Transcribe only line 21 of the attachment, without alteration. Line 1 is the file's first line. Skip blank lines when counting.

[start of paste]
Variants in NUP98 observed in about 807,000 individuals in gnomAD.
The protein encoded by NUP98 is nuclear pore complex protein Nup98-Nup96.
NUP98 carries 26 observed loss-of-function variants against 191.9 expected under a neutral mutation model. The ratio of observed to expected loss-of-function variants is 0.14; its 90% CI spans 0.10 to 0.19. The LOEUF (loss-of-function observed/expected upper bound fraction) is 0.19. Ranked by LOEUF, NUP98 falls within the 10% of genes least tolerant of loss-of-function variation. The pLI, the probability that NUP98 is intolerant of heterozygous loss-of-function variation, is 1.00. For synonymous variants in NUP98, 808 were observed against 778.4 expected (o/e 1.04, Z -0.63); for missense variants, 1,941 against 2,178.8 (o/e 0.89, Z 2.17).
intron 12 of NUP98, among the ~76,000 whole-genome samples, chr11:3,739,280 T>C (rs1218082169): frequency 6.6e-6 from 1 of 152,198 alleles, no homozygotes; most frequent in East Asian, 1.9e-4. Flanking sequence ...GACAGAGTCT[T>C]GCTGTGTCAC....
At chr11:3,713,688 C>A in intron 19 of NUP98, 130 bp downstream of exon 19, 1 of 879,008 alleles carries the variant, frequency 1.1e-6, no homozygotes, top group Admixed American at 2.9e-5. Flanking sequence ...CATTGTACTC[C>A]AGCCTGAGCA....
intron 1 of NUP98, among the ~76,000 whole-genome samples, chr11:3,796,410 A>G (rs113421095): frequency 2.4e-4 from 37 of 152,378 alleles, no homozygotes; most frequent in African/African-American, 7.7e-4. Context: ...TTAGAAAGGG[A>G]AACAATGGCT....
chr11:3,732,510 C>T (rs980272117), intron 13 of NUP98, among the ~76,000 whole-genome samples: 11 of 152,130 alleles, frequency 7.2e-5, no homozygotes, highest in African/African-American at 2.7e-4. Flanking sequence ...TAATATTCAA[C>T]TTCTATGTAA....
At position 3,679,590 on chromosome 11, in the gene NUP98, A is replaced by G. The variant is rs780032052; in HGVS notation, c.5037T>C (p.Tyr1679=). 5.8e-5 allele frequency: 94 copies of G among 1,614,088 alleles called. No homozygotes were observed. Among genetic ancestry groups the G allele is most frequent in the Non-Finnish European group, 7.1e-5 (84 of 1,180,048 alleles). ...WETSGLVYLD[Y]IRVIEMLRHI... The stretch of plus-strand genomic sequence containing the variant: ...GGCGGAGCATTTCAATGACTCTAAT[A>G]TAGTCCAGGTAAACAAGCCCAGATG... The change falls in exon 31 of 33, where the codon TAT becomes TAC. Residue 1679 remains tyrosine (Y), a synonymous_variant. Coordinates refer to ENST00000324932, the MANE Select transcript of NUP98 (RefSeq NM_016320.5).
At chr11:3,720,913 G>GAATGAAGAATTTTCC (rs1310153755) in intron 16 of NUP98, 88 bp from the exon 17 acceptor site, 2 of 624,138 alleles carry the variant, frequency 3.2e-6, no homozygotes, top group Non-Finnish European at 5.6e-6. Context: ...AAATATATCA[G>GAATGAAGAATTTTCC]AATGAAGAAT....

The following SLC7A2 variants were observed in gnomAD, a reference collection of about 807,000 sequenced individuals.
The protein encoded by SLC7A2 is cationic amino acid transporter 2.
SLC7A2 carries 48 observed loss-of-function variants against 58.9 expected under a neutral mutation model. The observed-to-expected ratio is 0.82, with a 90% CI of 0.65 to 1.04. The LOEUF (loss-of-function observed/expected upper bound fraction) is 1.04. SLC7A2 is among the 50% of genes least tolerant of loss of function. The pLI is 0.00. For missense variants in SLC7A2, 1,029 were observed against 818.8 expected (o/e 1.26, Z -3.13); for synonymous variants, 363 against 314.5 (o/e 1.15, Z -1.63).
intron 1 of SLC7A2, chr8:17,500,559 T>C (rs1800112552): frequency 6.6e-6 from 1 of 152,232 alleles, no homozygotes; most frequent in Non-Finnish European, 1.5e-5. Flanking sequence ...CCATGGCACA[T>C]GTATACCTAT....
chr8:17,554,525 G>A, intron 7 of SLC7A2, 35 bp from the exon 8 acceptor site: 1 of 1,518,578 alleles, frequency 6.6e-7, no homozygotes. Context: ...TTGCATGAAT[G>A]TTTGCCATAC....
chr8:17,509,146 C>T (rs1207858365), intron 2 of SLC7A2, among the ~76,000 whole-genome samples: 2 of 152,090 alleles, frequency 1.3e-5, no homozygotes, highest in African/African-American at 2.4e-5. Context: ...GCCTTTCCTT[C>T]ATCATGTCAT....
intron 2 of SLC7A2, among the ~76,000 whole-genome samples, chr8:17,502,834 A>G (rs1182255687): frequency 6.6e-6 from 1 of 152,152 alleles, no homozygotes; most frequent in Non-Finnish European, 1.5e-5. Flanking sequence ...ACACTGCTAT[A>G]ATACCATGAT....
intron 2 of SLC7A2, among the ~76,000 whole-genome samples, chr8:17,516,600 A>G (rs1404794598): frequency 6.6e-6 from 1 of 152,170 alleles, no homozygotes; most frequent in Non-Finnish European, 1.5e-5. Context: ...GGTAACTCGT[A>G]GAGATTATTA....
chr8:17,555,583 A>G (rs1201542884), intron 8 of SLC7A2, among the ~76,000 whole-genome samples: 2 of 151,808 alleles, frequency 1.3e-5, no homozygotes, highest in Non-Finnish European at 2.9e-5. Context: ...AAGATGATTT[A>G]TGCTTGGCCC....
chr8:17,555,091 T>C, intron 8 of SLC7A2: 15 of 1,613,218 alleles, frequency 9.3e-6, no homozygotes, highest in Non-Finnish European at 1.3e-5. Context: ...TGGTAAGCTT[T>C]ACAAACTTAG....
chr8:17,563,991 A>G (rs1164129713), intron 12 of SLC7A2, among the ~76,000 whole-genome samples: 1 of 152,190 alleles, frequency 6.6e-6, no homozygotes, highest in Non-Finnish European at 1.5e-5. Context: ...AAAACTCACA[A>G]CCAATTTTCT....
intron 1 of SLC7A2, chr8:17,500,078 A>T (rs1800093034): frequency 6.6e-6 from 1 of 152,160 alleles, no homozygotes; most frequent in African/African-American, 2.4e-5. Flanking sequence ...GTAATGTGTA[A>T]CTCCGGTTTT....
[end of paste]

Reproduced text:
intron 1 of SLC7A2, chr8:17,500,078 A>T (rs1800093034): frequency 6.6e-6 from 1 of 152,160 alleles, no homozygotes; most frequent in African/African-American, 2.4e-5. Flanking sequence ...GTAATGTGTA[A>T]CTCCGGTTTT....